The blockage of coronary arteries can result in a heart attack (acute myocardial infarction;Ml) and permanent loss of cardiac muscle tissue. The resulting destruction of the complex cardiac architecture, formation of scar tissue, and myocardial remodeling increases risk of death. The heart's initial response to injury is synchronous and involves, in part, the reciprocal interaction between cardiac fibroblasts and myocytes, the two primary cell types comprising the heart. Recent findings suggest that soluble proteins secreted from cardiac fibroblasts and myocytes, also called the secretome, can modulate the infarct microenvironment (extracellular matrix, ECM). It is the cell surface that not only acts as a physical barrier but senses of the local ECM microenvironment that initiates the intrinsic cellular protective mechanisms upon injury. Thus, the cell-environment interface is the main site of this interplay. We hypothesize that fibroblasts are the linchpin and their respond to injury launches wound healing while also promoting myocyte survival. Fibroblasts accomplish this by altering the ECM microenvironment surrounding myocytes, especially those present in the infarct border zone. Many of the proteins comprising cell-environment interface are glycosylated. In this proposal, we will use a number of innovative methods to target, enrich, quantify (relative and absolute) and characterize the glycoproteome of the cell-environment interface of myocytes and fibroblasts alone and in co-culture with and without injury induced by H2O2. This includes using a novel twist when co-culturing, in which the proteins from one cell type have a covalent quantitative labeled which provides a mass spectrometry friendly marker to distinguishing the cell origin of each protein. We hypothesize that cell-specific glycoproteome comprising the cell-environment interface is responsible to the intrinsic susceptibility to H2O2 of myocytes compared to fibroblasts (SA 1). Furthermore, that a subset of the fibroblast-specific secreted proteins which are elevated in co-culture induces myocyte-protection and this protective phenotype is enhanced by the action of when fibroblast, themselves are injured (SA-2). Finally, we hypothesize that glycoproteins present in the microenvironment which are exclusively elevated in response of H2O2 will be detected in the circulation of patients with myocardial injury (ischemia) prior to the elevation of cardiac troponins (gold standard markers for Ml). In summary, the protein complement of the cell-environment interface has not been fully elucidated for either cardiac fibroblasts or myocytes. This knowledge is fundamental to developing clinical approaches to protect the heart and potentially provide robust clinical biomarkers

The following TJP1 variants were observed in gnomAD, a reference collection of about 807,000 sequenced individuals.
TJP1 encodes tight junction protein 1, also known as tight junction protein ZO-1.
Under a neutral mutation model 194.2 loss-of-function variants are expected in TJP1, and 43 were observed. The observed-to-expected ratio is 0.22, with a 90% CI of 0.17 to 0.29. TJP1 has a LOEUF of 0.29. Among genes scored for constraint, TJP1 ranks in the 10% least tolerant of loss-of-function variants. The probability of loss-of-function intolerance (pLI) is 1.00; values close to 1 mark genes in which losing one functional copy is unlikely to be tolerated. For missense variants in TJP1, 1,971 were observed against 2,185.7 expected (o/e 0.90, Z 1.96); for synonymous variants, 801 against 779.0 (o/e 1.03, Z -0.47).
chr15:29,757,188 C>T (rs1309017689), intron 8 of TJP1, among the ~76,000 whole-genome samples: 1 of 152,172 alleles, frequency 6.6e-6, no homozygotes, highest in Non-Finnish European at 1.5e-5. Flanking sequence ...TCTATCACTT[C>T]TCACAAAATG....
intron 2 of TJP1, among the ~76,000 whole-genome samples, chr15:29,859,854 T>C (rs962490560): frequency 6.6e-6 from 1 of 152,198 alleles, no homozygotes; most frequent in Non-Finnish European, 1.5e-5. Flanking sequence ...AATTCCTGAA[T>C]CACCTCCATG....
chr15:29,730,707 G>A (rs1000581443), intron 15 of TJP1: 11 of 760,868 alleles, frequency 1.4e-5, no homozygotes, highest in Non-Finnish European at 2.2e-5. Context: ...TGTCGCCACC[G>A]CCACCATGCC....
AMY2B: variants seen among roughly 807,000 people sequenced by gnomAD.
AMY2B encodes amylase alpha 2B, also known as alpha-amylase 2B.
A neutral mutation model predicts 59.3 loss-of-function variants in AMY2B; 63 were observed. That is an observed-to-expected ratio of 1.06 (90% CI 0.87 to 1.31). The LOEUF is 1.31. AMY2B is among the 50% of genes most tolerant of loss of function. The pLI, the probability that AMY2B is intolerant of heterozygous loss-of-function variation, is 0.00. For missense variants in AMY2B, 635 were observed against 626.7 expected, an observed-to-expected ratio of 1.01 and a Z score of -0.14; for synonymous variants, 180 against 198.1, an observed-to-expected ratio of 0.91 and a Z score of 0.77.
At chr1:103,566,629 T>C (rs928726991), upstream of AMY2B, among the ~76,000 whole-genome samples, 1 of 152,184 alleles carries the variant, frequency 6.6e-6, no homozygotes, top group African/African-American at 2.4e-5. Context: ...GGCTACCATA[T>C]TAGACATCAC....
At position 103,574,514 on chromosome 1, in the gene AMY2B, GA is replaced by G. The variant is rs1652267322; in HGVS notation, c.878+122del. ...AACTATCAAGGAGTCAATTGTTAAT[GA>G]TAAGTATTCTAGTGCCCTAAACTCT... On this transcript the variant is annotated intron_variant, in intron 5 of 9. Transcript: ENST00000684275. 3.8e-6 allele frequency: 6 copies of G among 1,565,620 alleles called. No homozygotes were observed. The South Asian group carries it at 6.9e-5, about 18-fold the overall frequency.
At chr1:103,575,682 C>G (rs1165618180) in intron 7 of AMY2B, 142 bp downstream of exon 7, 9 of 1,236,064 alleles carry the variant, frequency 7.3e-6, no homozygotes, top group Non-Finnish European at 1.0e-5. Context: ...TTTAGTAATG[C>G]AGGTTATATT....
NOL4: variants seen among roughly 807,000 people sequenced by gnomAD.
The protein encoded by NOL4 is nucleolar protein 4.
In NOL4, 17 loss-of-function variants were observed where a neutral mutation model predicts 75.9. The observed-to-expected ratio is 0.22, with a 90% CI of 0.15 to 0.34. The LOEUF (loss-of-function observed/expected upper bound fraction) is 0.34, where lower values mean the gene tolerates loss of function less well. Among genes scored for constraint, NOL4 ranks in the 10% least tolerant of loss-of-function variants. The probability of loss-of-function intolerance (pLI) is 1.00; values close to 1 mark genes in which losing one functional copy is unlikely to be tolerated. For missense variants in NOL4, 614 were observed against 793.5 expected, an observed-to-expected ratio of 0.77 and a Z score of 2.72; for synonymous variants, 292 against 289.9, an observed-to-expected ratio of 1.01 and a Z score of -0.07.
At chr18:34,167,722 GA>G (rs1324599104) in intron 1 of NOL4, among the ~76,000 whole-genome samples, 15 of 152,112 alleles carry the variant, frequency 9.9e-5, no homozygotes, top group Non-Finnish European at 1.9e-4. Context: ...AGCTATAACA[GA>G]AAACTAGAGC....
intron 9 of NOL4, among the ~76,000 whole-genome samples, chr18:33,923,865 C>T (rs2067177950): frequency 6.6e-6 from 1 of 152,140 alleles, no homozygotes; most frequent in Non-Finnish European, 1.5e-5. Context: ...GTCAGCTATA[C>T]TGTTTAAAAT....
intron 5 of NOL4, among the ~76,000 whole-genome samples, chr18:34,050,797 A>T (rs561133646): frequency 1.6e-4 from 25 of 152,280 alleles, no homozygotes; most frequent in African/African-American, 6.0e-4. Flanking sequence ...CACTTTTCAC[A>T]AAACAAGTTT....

Public Health Relevance

; This is the first systematic analysis of the glycoproteins which comprise the secretome and cell surface of myocytes and fibroblast, two major cell types of the heart, for which their interaction is synergetic and can results in myocyte protection. These protective glycoproteins could be targets suitable for therapeutic intervention. As well, the myocardial and cardiac fibroblast specific hypoxic stimulated secreted proteins from cardiac fibroblasts and myocytes that circulating and are elevated in patients with myocardial ischemia

Agency
National Institute of Health (NIH)
Institute
National Heart, Lung, and Blood Institute (NHLBI)
Type
Research Program Projects (P01)
Project #
5P01HL107153-03
Application #
8477275
Study Section
Special Emphasis Panel (ZHL1-CSR-H)
Project Start
Project End
Budget Start
2013-06-01
Budget End
2014-05-31
Support Year
3
Fiscal Year
2013
Total Cost
$281,547
Indirect Cost
$109,872
Name
Johns Hopkins University
Department
Type
DUNS #
001910777
City
Baltimore
State
MD
Country
United States
Zip Code
21218
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